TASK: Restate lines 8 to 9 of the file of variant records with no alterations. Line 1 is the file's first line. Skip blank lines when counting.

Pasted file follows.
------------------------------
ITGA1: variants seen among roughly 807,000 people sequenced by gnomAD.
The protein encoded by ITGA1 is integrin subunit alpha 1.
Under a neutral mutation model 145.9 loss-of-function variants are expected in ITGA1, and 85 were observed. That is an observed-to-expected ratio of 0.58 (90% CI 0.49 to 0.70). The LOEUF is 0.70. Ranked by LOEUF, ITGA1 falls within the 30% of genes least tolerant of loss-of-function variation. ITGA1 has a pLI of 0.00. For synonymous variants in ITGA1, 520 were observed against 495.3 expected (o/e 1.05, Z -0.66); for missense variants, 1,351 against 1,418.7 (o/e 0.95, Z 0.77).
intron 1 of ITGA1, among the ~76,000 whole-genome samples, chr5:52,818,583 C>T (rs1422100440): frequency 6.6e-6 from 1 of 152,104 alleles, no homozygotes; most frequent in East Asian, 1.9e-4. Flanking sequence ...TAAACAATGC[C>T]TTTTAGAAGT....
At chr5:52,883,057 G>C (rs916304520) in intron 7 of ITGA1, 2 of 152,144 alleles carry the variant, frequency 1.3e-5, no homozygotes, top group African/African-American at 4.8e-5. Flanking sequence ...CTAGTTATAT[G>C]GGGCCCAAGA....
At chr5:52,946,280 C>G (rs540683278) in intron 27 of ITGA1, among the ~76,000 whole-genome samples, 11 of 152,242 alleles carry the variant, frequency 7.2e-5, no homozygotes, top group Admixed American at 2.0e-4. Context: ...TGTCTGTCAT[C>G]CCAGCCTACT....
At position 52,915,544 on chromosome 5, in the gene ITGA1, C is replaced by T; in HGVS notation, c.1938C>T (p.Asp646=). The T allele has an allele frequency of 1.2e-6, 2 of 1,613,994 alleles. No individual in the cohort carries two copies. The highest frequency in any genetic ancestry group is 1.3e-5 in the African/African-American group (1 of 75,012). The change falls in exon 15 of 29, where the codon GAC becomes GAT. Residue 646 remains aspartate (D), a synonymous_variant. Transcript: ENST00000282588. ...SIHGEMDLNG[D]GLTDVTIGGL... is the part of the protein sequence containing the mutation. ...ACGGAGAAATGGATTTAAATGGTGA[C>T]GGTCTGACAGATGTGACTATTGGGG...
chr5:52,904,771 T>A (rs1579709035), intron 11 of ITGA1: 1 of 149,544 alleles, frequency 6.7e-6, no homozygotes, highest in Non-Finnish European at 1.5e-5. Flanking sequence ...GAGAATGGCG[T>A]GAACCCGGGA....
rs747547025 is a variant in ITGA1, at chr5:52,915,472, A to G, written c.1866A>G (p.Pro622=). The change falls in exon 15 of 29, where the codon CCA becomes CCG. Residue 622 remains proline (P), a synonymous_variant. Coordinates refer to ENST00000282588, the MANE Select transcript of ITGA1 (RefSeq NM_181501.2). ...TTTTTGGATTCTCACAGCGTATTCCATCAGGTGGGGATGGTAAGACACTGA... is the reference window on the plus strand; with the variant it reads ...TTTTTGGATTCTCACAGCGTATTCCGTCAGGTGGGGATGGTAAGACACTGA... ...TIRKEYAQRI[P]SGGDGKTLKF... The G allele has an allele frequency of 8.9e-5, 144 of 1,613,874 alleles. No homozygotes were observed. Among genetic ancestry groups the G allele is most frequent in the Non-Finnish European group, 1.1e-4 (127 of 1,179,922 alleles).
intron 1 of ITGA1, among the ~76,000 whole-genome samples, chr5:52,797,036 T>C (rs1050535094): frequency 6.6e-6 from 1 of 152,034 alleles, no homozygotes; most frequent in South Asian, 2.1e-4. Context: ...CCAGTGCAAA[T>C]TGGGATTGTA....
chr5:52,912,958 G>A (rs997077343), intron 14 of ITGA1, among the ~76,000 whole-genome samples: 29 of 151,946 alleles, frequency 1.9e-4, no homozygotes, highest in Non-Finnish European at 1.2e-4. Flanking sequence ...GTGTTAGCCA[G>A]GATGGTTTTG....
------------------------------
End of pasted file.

chr5:52,904,771 T>A (rs1579709035), intron 11 of ITGA1: 1 of 149,544 alleles, frequency 6.7e-6, no homozygotes, highest in Non-Finnish European at 1.5e-5. Flanking sequence ...GAGAATGGCG[T>A]GAACCCGGGA....
rs747547025 is a variant in ITGA1, at chr5:52,915,472, A to G, written c.1866A>G (p.Pro622=). The change falls in exon 15 of 29, where the codon CCA becomes CCG. Residue 622 remains proline (P), a synonymous_variant. Coordinates refer to ENST00000282588, the MANE Select transcript of ITGA1 (RefSeq NM_181501.2). ...TTTTTGGATTCTCACAGCGTATTCCATCAGGTGGGGATGGTAAGACACTGA... is the reference window on the plus strand; with the variant it reads ...TTTTTGGATTCTCACAGCGTATTCCGTCAGGTGGGGATGGTAAGACACTGA... ...TIRKEYAQRI[P]SGGDGKTLKF... The G allele has an allele frequency of 8.9e-5, 144 of 1,613,874 alleles. No homozygotes were observed. Among genetic ancestry groups the G allele is most frequent in the Non-Finnish European group, 1.1e-4 (127 of 1,179,922 alleles).